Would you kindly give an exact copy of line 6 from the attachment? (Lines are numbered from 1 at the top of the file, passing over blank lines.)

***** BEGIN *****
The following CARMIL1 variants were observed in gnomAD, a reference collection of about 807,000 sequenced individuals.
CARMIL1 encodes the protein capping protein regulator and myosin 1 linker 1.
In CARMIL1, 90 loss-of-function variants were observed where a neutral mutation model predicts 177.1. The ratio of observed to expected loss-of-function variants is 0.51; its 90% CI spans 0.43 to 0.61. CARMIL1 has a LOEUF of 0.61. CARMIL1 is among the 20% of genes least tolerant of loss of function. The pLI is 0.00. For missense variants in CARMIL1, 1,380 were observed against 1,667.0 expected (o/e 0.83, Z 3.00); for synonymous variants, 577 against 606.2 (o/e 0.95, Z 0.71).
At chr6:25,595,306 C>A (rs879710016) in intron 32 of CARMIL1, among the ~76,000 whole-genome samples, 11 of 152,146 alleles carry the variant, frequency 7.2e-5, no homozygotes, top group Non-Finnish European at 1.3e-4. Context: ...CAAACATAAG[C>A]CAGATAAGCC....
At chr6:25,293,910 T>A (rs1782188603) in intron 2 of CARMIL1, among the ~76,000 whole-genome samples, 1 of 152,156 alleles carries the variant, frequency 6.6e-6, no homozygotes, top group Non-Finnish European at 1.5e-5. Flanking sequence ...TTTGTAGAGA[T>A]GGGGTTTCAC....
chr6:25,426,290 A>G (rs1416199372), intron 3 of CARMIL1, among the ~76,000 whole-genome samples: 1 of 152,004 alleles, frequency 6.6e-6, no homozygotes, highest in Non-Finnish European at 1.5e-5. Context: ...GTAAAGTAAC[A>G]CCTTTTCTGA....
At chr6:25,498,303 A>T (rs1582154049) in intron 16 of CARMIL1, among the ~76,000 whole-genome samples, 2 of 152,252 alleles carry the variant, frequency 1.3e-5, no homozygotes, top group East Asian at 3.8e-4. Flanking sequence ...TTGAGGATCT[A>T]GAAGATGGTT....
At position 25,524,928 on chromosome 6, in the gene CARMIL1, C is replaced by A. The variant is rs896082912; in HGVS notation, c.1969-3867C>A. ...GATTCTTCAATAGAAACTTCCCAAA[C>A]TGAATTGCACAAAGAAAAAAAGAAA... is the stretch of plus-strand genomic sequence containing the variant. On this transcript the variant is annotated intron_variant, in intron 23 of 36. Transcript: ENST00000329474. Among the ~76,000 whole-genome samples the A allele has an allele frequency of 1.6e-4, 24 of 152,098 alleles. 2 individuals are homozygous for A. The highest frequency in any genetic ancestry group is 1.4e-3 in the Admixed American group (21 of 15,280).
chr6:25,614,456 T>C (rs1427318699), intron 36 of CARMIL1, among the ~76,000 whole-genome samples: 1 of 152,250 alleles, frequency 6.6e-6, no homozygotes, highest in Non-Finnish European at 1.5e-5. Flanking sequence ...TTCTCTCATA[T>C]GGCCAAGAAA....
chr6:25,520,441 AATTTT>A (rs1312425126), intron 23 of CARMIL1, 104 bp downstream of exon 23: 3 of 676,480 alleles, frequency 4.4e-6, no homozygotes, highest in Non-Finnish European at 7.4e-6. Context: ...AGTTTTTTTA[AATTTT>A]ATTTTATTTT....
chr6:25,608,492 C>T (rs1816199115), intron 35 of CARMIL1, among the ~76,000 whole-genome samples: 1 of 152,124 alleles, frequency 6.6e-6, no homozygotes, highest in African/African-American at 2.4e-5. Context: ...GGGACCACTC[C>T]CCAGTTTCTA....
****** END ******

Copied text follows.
chr6:25,426,290 A>G (rs1416199372), intron 3 of CARMIL1, among the ~76,000 whole-genome samples: 1 of 152,004 alleles, frequency 6.6e-6, no homozygotes, highest in Non-Finnish European at 1.5e-5. Context: ...GTAAAGTAAC[A>G]CCTTTTCTGA....